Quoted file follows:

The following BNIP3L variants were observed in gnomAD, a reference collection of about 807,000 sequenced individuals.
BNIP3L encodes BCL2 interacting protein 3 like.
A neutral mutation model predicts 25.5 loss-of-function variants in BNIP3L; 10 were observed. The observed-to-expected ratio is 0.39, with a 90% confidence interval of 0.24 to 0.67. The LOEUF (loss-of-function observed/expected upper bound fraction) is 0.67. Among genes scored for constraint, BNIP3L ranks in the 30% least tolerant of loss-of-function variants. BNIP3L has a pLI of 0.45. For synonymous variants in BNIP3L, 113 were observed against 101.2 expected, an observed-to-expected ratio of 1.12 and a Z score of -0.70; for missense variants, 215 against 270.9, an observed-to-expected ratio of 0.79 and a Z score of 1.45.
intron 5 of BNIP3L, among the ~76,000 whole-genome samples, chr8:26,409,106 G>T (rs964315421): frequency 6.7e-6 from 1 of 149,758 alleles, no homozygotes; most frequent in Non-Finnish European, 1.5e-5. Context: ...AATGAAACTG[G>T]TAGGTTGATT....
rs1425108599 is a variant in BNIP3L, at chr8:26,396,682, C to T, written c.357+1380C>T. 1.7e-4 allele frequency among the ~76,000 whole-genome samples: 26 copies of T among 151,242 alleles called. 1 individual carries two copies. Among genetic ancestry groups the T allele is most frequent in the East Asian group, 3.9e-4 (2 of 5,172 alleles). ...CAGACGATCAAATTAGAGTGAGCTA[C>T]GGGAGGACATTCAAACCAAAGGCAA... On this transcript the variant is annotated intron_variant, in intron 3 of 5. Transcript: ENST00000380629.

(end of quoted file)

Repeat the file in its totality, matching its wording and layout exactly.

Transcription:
The following BNIP3L variants were observed in gnomAD, a reference collection of about 807,000 sequenced individuals.
BNIP3L encodes BCL2 interacting protein 3 like.
A neutral mutation model predicts 25.5 loss-of-function variants in BNIP3L; 10 were observed. The observed-to-expected ratio is 0.39, with a 90% confidence interval of 0.24 to 0.67. The LOEUF (loss-of-function observed/expected upper bound fraction) is 0.67. Among genes scored for constraint, BNIP3L ranks in the 30% least tolerant of loss-of-function variants. BNIP3L has a pLI of 0.45. For synonymous variants in BNIP3L, 113 were observed against 101.2 expected, an observed-to-expected ratio of 1.12 and a Z score of -0.70; for missense variants, 215 against 270.9, an observed-to-expected ratio of 0.79 and a Z score of 1.45.
intron 5 of BNIP3L, among the ~76,000 whole-genome samples, chr8:26,409,106 G>T (rs964315421): frequency 6.7e-6 from 1 of 149,758 alleles, no homozygotes; most frequent in Non-Finnish European, 1.5e-5. Context: ...AATGAAACTG[G>T]TAGGTTGATT....
rs1425108599 is a variant in BNIP3L, at chr8:26,396,682, C to T, written c.357+1380C>T. 1.7e-4 allele frequency among the ~76,000 whole-genome samples: 26 copies of T among 151,242 alleles called. 1 individual carries two copies. Among genetic ancestry groups the T allele is most frequent in the East Asian group, 3.9e-4 (2 of 5,172 alleles). ...CAGACGATCAAATTAGAGTGAGCTA[C>T]GGGAGGACATTCAAACCAAAGGCAA... On this transcript the variant is annotated intron_variant, in intron 3 of 5. Transcript: ENST00000380629.